The government is still considering whether it should raise electricity prices, Minister of Economic Affairs Shih Yen-shiang (施顏祥) said yesterday.
Shih said that if the government decided to raise electricity prices, it would need to make an announcement and hold a meeting of the price advisory committee for state-run Taiwan Power Co (Taipower, 台電) at least one month before any adjustment takes effect.
“We’re still studying the issue,” Shih said on the sidelines of a legislative hearing. “So far, we have no plans to initiate this procedure.”
Shih said his ministry would also review personnel costs at state-run companies, but added that these costs accounted for only a small proportion of the state-run power and oil companies’ total operational budgets.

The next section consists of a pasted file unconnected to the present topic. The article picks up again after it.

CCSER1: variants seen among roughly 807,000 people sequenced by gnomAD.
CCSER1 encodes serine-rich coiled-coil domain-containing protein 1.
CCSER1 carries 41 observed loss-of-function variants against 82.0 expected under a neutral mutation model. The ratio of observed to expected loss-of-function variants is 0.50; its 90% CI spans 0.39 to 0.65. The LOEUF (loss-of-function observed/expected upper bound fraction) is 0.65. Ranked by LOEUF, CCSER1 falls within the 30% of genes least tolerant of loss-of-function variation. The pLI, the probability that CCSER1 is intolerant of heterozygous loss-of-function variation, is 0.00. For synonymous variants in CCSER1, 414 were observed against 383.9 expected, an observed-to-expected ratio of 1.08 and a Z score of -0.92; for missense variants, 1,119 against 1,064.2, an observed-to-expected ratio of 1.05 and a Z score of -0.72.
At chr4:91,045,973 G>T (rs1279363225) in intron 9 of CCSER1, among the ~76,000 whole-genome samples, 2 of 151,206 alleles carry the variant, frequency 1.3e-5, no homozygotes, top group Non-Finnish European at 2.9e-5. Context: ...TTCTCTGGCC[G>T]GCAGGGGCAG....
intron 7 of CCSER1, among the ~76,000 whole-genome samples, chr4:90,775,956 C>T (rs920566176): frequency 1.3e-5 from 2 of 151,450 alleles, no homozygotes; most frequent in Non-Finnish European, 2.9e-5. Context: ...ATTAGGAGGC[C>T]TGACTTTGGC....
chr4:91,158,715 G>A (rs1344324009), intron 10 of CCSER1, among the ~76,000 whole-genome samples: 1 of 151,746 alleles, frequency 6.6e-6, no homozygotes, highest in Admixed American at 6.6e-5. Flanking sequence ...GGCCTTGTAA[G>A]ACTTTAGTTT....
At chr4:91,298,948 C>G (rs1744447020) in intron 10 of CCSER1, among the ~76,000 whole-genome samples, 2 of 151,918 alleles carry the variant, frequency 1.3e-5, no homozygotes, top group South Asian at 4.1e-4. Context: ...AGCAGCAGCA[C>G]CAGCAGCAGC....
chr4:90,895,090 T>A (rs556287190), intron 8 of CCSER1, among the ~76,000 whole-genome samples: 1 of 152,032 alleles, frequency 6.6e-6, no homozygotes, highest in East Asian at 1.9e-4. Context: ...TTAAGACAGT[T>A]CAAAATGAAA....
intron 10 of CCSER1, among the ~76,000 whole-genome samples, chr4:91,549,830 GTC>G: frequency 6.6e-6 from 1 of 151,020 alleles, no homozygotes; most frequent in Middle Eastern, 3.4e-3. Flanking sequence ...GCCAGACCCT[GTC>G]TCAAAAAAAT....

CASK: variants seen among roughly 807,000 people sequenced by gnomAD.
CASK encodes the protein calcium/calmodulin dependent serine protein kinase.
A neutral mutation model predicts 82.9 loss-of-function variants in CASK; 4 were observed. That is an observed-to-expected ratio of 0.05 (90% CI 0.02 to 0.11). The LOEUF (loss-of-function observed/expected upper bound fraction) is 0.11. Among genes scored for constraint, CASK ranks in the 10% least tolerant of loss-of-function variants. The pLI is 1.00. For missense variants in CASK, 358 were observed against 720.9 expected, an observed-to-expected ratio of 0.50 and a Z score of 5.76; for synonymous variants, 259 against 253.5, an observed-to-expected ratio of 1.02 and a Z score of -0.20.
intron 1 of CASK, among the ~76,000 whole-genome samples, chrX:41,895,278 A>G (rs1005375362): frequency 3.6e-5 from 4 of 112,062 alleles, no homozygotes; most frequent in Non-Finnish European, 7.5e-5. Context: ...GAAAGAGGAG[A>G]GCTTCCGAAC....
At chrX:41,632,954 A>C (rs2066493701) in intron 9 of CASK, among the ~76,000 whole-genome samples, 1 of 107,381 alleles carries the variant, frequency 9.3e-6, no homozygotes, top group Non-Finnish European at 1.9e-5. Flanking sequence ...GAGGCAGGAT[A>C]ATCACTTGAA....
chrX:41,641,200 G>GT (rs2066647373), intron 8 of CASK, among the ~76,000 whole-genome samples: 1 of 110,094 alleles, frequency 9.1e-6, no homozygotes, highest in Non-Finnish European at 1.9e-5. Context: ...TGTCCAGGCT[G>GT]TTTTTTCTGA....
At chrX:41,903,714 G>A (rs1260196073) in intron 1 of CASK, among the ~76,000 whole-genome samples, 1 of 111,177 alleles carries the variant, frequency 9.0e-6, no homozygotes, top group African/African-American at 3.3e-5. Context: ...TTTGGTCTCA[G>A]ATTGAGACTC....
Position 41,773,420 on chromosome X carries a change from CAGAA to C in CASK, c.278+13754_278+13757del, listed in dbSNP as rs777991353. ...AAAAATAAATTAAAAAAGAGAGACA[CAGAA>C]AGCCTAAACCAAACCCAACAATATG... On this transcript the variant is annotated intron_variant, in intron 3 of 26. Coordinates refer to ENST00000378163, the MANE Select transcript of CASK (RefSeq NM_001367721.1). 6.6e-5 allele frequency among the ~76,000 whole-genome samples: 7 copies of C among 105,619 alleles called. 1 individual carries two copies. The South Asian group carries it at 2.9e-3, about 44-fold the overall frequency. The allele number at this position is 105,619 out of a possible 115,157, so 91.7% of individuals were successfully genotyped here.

By contrast, “fuel costs account for 70 percent of total electricity production costs, while crude oil costs account for 80 percent of the total oil production costs,” he said.
Taiwan depends on imports for nearly all of its oil.
The issue of whether electricity and fuel prices should be adjusted upward recently triggered debate in the legislature after Taipower projected a deficit of NT$75.5 billion (US$2.56 billion) this year, which it said could end up being more than NT$100 billion because of rising fuel costs.
State-run CPC Corp, Taiwan (台灣中油), is currently absorbing costs of NT$5.4 per liter for gasoline and NT$5.5 per liter for diesel. This would translate to an approximate annual shortfall of NT$12 billion for the company, the ministry said.